The situation is analogous to Mitt Romney winning a state like New Jersey, which is also plausible if Mr. Romney wins the election by several points nationally. But that doesn’t make New Jersey a swing state — it’s just extra spoils for the winner.
With all that said, there is a lot of uncertainty this far out from the election. The ordering of the states is usually fairly consistent from year to year, especially when there is an incumbent running for re-election, but they can be scrambled to some extent by local issues, long-term demographic trends or the amount of attention that the campaigns focus on them. It’s not impossible that Mr. Obama could pursue a “Western strategy,” adding Arizona while holding Colorado, Nevada, New Mexico and the Pacific Coast states. That would give him a lot of slack elsewhere.
But the benchmark for whether these possibilities are realistic and relevant to the Electoral College equation — and whether Arizona should really be thought of as a swing state — will be if Mr. Obama starts to poll consistently as well in Arizona as he does in states like Ohio. The state is worth keeping an eye on, but we haven’t seen that yet.


Share your thoughts.
    • Mark Johnson
    • Virginia
    I respect Nate's work in general but this line of reasoning is a real nothing burger. It has no usable point and the redefinition of "swing" is a none starter. (And Bob H. no, "purple" is not the same as swing and even if it was "swing" was used long before "purple" was.) The only scenario where this model would be of any benefit would be if one knew in advance what order the states would be in. State voting is contingent on many different factors and the order of the states on the Nate's Swing Graph will shift accordingly.
      • Bob H.
      • Ohio
      Silvers's analysis is good and his definition of swing state is correct. We already have a term for states which are simply close: "purple" states. Nobody would buy that a purple state with a small number of electoral votes is likely to be relevant. Similarly, only those states near the 269 mark are likely to decide the election.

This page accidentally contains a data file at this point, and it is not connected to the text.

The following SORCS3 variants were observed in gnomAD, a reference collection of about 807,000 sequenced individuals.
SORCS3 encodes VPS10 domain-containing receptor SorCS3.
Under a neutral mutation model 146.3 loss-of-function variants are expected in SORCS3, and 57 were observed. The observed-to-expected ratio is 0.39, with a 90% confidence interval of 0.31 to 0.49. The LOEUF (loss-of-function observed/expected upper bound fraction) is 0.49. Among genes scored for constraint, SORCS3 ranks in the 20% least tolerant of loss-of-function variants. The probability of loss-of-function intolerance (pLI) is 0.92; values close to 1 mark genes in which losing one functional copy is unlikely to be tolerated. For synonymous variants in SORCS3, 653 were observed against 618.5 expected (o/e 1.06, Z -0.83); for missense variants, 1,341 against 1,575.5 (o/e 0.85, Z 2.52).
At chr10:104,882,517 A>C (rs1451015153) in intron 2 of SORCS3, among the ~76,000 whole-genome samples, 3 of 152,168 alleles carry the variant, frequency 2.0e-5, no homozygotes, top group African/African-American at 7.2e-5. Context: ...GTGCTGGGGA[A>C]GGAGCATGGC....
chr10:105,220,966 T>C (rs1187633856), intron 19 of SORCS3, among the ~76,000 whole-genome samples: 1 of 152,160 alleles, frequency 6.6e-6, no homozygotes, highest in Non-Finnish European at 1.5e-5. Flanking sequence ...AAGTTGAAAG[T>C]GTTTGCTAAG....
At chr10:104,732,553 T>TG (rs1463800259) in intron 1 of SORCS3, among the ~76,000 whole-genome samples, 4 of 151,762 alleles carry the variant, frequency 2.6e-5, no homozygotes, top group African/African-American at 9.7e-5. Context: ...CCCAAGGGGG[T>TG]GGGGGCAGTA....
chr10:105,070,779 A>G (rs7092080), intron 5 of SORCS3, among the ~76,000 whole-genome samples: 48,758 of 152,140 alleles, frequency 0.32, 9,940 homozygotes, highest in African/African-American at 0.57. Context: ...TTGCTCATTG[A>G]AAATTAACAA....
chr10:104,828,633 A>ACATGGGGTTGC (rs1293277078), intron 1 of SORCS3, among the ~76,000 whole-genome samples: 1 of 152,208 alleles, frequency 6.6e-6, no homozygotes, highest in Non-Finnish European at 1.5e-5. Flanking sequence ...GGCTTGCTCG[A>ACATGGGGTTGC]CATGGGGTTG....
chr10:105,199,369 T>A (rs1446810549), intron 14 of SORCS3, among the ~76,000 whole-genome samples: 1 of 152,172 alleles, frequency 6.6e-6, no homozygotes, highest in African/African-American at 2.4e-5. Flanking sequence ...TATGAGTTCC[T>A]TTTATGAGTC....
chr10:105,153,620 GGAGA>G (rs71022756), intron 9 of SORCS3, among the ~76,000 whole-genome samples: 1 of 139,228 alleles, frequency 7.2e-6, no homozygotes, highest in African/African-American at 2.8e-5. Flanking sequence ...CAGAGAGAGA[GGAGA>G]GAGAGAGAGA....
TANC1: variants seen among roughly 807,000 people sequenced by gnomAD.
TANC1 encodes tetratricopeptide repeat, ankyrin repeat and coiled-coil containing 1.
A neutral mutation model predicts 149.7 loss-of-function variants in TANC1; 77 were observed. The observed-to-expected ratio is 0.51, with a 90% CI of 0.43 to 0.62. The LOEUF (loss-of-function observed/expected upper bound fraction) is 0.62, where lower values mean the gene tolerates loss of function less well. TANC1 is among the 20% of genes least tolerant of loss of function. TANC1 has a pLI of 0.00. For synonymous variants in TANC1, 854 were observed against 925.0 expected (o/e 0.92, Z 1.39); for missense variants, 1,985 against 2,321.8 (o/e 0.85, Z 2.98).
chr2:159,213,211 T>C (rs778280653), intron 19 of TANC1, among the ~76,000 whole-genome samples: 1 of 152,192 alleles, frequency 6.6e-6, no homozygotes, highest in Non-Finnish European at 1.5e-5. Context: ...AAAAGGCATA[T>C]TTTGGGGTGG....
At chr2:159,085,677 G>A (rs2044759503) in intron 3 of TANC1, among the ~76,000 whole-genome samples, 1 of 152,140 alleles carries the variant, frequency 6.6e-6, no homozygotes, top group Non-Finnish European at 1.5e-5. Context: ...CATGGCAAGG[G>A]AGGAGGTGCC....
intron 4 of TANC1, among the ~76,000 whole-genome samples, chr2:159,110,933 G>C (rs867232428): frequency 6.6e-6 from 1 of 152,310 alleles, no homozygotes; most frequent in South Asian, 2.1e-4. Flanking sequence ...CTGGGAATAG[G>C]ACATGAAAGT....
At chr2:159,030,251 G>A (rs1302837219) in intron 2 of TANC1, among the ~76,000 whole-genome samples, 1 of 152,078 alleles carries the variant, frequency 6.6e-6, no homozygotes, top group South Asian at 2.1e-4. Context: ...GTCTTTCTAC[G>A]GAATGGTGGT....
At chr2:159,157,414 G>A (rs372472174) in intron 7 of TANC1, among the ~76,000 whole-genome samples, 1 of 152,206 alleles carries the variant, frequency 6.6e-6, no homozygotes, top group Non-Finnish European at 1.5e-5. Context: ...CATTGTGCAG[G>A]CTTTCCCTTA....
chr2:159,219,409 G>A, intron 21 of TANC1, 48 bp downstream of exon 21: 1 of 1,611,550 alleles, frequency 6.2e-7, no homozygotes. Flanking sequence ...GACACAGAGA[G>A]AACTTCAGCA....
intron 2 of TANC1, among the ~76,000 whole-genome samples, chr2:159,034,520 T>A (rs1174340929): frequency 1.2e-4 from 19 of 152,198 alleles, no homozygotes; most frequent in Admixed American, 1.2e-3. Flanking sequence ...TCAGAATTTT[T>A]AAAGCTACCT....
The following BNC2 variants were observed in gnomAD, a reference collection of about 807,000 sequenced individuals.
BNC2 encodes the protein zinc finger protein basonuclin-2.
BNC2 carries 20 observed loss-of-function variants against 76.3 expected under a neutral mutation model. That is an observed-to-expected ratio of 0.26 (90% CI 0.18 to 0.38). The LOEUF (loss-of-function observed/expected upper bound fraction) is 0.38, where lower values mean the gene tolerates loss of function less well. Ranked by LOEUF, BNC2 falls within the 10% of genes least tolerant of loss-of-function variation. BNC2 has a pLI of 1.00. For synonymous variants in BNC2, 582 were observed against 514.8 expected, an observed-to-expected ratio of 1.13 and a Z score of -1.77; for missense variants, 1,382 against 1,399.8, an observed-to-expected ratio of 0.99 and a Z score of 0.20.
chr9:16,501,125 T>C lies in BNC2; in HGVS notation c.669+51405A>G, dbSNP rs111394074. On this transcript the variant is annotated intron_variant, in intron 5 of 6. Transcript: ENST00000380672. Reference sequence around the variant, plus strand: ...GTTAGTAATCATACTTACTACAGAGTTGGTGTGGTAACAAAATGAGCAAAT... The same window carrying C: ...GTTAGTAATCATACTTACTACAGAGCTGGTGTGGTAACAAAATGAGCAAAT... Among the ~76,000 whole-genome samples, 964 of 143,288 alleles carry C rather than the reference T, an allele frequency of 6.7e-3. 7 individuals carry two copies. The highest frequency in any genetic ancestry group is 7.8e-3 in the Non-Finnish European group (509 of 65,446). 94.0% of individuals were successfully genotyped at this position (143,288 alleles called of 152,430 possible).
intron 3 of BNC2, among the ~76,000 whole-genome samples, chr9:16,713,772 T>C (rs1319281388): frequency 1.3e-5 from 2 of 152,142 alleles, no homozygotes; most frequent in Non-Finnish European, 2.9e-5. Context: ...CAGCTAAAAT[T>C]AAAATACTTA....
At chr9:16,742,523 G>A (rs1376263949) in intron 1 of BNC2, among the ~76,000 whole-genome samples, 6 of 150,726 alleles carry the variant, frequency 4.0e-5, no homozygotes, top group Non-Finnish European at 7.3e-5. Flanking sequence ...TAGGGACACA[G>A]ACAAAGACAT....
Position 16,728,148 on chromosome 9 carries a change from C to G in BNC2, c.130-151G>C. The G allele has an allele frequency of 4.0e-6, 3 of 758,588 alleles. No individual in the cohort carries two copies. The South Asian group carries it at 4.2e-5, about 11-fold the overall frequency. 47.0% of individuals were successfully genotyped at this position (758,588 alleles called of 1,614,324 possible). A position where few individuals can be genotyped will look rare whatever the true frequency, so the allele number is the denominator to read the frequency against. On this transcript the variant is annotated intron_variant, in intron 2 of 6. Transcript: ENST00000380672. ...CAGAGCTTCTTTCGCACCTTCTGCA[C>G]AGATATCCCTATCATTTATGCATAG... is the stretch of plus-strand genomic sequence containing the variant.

His example of North Carolina illustrates this well; nobody really cared nationally that Obama won NC since it was overkill.

      If we believe the premise that the continuum of the states is relatively stable (with exceptions for candidates' home states), then the conclusion follows. Maybe we could see some more evidence that the ordering of the states is stable.
        • Watermark
        • MS
        "Let me remind you about how I use the term “swing state” here at FiveThirtyEight. When I employ the term, I mean a state that could swing the outcome of the election. That is, if the state changed hands, the victor in the Electoral College would change as well."

        That is not the way most people use that word, though. You can't just redefine a word away from common usage and chastise others for not conforming to your redefinition.
          • Myron
          • Fayetteville, NC
          I guess it's OK that Nate comes up with his own definition of a swing state, but I'm curious as to what's the point.

          From a political perspective, what matters is that a state is important enough electorally and unclear enough politically to where both candidates have to spend their two most valuable resources there -- time and money. How swing states as a whole are managed is what affects the outcome -- not a single-minded focus on what state is deemed to be THEE swing state.

          States like NC, Arizona, Indiana, and Virginia may not be thee swing state, but they could be collectively decisive for either candidate -- in particular the GOP candidate whose strategy relies on a solid south.

          Obama's "spread the map" strategy is precisely how he defeated McCain. If he had narrowed his focus to the traditional Democratic path to victory, yes he might have still won (since he did win Ohio, Florida, etc.) but with less of a cushion.

          This year, we see he needs that cushion.
            • JDK
            • MD